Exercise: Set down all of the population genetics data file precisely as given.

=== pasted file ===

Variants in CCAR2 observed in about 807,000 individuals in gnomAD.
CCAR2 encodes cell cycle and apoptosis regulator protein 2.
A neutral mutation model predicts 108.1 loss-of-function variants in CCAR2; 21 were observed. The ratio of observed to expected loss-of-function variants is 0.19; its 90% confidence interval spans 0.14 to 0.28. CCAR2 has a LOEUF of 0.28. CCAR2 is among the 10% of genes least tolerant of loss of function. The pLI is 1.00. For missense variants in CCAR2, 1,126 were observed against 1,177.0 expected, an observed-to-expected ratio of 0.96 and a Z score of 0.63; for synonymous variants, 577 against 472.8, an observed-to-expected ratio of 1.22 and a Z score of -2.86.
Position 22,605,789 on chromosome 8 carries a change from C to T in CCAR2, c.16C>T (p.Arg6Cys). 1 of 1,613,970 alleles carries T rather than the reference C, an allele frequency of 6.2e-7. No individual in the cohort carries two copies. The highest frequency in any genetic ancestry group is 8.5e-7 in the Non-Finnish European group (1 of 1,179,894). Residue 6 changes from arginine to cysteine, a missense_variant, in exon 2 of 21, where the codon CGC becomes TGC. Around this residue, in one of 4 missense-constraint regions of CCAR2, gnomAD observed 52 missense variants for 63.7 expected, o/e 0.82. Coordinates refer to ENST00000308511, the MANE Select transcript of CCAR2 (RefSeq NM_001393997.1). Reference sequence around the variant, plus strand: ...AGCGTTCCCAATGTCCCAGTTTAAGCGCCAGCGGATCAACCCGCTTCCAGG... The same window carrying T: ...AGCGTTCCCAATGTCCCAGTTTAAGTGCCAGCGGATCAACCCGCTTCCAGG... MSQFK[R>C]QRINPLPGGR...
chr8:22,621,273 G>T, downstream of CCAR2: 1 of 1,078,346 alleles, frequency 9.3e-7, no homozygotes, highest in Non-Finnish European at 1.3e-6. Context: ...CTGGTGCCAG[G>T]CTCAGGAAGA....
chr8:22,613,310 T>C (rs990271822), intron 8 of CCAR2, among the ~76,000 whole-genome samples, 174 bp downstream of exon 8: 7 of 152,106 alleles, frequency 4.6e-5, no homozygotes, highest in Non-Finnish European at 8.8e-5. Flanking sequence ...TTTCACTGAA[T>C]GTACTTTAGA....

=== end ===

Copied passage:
Variants in CCAR2 observed in about 807,000 individuals in gnomAD.
CCAR2 encodes cell cycle and apoptosis regulator protein 2.
A neutral mutation model predicts 108.1 loss-of-function variants in CCAR2; 21 were observed. The ratio of observed to expected loss-of-function variants is 0.19; its 90% confidence interval spans 0.14 to 0.28. CCAR2 has a LOEUF of 0.28. CCAR2 is among the 10% of genes least tolerant of loss of function. The pLI is 1.00. For missense variants in CCAR2, 1,126 were observed against 1,177.0 expected, an observed-to-expected ratio of 0.96 and a Z score of 0.63; for synonymous variants, 577 against 472.8, an observed-to-expected ratio of 1.22 and a Z score of -2.86.
Position 22,605,789 on chromosome 8 carries a change from C to T in CCAR2, c.16C>T (p.Arg6Cys). 1 of 1,613,970 alleles carries T rather than the reference C, an allele frequency of 6.2e-7. No individual in the cohort carries two copies. The highest frequency in any genetic ancestry group is 8.5e-7 in the Non-Finnish European group (1 of 1,179,894). Residue 6 changes from arginine to cysteine, a missense_variant, in exon 2 of 21, where the codon CGC becomes TGC. Around this residue, in one of 4 missense-constraint regions of CCAR2, gnomAD observed 52 missense variants for 63.7 expected, o/e 0.82. Coordinates refer to ENST00000308511, the MANE Select transcript of CCAR2 (RefSeq NM_001393997.1). Reference sequence around the variant, plus strand: ...AGCGTTCCCAATGTCCCAGTTTAAGCGCCAGCGGATCAACCCGCTTCCAGG... The same window carrying T: ...AGCGTTCCCAATGTCCCAGTTTAAGTGCCAGCGGATCAACCCGCTTCCAGG... MSQFK[R>C]QRINPLPGGR...
chr8:22,621,273 G>T, downstream of CCAR2: 1 of 1,078,346 alleles, frequency 9.3e-7, no homozygotes, highest in Non-Finnish European at 1.3e-6. Context: ...CTGGTGCCAG[G>T]CTCAGGAAGA....
chr8:22,613,310 T>C (rs990271822), intron 8 of CCAR2, among the ~76,000 whole-genome samples, 174 bp downstream of exon 8: 7 of 152,106 alleles, frequency 4.6e-5, no homozygotes, highest in Non-Finnish European at 8.8e-5. Flanking sequence ...TTTCACTGAA[T>C]GTACTTTAGA....